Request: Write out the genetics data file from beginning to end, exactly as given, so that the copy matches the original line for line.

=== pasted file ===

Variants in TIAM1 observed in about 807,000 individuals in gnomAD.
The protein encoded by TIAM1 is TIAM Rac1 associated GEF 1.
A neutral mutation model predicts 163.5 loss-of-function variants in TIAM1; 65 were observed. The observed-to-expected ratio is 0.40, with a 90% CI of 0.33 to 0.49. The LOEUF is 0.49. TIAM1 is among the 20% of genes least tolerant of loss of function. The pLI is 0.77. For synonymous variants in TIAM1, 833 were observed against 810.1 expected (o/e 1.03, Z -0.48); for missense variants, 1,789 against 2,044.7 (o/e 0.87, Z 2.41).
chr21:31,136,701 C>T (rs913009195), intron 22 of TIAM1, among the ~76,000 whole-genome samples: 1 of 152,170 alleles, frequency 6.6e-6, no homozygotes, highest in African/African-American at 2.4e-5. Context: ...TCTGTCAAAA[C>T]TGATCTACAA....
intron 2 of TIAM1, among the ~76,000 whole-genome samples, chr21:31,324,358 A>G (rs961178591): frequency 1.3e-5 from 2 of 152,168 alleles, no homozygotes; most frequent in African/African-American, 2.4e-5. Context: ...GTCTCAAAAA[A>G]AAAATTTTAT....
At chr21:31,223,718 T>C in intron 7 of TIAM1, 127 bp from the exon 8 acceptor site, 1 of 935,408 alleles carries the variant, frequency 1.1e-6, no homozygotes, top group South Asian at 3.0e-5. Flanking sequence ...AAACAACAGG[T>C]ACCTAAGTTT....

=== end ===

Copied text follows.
Variants in TIAM1 observed in about 807,000 individuals in gnomAD.
The protein encoded by TIAM1 is TIAM Rac1 associated GEF 1.
A neutral mutation model predicts 163.5 loss-of-function variants in TIAM1; 65 were observed. The observed-to-expected ratio is 0.40, with a 90% CI of 0.33 to 0.49. The LOEUF is 0.49. TIAM1 is among the 20% of genes least tolerant of loss of function. The pLI is 0.77. For synonymous variants in TIAM1, 833 were observed against 810.1 expected (o/e 1.03, Z -0.48); for missense variants, 1,789 against 2,044.7 (o/e 0.87, Z 2.41).
chr21:31,136,701 C>T (rs913009195), intron 22 of TIAM1, among the ~76,000 whole-genome samples: 1 of 152,170 alleles, frequency 6.6e-6, no homozygotes, highest in African/African-American at 2.4e-5. Context: ...TCTGTCAAAA[C>T]TGATCTACAA....
intron 2 of TIAM1, among the ~76,000 whole-genome samples, chr21:31,324,358 A>G (rs961178591): frequency 1.3e-5 from 2 of 152,168 alleles, no homozygotes; most frequent in African/African-American, 2.4e-5. Context: ...GTCTCAAAAA[A>G]AAAATTTTAT....
At chr21:31,223,718 T>C in intron 7 of TIAM1, 127 bp from the exon 8 acceptor site, 1 of 935,408 alleles carries the variant, frequency 1.1e-6, no homozygotes, top group South Asian at 3.0e-5. Flanking sequence ...AAACAACAGG[T>C]ACCTAAGTTT....